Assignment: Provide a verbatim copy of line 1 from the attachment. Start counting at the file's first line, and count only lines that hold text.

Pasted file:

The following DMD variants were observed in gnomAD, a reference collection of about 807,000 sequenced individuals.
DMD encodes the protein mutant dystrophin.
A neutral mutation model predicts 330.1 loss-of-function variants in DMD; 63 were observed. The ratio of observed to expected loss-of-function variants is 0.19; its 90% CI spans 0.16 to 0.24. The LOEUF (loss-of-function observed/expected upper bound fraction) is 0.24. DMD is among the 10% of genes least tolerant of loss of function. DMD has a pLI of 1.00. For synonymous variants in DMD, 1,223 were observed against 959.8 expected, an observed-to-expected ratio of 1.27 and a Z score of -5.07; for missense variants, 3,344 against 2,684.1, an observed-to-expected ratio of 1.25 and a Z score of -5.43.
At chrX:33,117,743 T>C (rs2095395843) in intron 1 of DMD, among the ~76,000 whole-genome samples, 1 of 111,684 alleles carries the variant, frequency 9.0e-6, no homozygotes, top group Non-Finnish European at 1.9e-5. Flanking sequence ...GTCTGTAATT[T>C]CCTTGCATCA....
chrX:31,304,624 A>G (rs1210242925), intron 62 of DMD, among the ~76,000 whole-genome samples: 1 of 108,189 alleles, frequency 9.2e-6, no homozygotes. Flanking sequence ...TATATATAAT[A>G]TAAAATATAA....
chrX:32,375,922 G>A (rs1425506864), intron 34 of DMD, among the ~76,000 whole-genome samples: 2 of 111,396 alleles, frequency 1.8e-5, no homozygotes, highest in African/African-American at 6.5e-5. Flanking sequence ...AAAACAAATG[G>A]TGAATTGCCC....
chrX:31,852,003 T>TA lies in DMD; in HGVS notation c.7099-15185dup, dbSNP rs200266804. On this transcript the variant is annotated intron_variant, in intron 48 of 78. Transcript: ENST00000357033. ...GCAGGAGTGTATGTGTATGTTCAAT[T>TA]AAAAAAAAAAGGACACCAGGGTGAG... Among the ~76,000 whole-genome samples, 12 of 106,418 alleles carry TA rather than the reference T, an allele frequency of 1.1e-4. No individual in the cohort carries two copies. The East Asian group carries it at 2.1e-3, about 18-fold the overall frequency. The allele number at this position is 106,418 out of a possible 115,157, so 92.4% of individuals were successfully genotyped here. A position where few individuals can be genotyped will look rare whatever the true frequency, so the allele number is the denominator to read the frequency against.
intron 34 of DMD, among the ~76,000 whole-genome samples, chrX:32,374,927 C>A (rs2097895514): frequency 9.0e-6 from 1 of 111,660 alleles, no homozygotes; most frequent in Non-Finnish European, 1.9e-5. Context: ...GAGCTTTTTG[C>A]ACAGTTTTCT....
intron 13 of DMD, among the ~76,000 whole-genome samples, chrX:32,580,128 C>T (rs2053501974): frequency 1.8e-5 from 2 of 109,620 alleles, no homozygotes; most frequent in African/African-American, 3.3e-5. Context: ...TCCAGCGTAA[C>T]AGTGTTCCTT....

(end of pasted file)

The following DMD variants were observed in gnomAD, a reference collection of about 807,000 sequenced individuals.